Forrester report: Australian CX less terrible but still bad

Published on the 27/11/2019 | Written by Jonathan Cotton

Australian customer service - poor

Great customer experiences are often key to business profitability. So why doesn’t Australia seem to get that?…

Forrester’s new Australia 2019 Customer Experience Index – a survey of Australian customers to gauge their attitude towards their experiences interacting with brands –  shows low quality interactions almost across the board.

Surveying some 8,000 Australian customers on 31 brands across the banking, retail and superannuation industries, as well as government at the federal level, the survey attempts to measure how successfully companies deliver ‘customer experiences that create and sustain loyalty’.

This year’s results show slight improvements being made, but progress is being measured in inches, not miles: Last year just six percent of the brands surveyed received a ‘good’ rating for their customer experience. This year that number rose seven points, to the better (yet still miserable) 13 percent of brands delivering good customer experience.

Elite brands build loyalty; CX laggards foster resentment.

As with last year, no business received an ‘excellent’ rating, or even improved their scores enough to warrant mention, but that’s just an opportunity for improvement, counsels Forrester.

“With approximately two-thirds of brands in the OK category and 18 brands clustered close together, firms have an opportunity to differentiate themselves and gain a competitive advantage by moving up to the good and excellent categories,” say the researchers.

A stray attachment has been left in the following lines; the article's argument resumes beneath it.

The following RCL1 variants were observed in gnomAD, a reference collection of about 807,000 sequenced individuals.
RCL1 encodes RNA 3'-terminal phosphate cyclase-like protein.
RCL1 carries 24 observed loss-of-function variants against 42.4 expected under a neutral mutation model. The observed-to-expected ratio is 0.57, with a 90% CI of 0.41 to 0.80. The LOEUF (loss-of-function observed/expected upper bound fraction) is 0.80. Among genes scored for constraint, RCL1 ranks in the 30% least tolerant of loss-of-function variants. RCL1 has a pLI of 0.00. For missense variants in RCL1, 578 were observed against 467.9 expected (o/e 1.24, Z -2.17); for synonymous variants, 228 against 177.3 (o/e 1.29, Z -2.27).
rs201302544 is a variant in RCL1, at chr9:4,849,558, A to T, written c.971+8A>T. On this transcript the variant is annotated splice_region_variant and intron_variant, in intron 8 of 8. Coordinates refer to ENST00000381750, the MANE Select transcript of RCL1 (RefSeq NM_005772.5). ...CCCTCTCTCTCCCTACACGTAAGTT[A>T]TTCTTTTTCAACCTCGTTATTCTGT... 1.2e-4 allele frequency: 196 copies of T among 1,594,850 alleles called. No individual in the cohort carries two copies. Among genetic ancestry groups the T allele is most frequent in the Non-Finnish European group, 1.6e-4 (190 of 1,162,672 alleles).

The highest ranked companies this year were ING Direct, beating last year’s leader Bendigo Bank for the top spot, with JB Hi-Fi in third place.

According to Forrester’s findings, the top performing Australian brands provided customers with an average of twelve ‘emotionally positive experiences’ for each negative experience.

The lowest-performing brands provided less than a single emotionally positive experience for each negative experience.

But even a minor improvement in a brand’s customer experience quality can add ‘tens of millions of dollars’ of revenue, says Forrester, by reducing customer churn and increasing wallet share.

“Additionally, superior CX leads to reduced service costs and lowers the cost of customer acquisition through word of mouth,” says the research and advisory firm.

So there’s room for improvement and opportunity to do so – but where to begin?

Brands need to ‘infuse positive emotions’ in their interactions with customers to make an impact on customers’ perception of their CX quality, says Riccardo Pasto, senior analyst at Forrester and author of the report.

“Brands that want to achieve CX leadership should focus on emotion,” he says. “How an experience makes customers feel has a bigger influence on their loyalty to a brand than effectiveness or ease in every industry.”

“Elite brands build loyalty by making customers feel confident, happy, and valued; CX laggards foster resentment by making customers feel annoyed, disappointed, and frustrated.”

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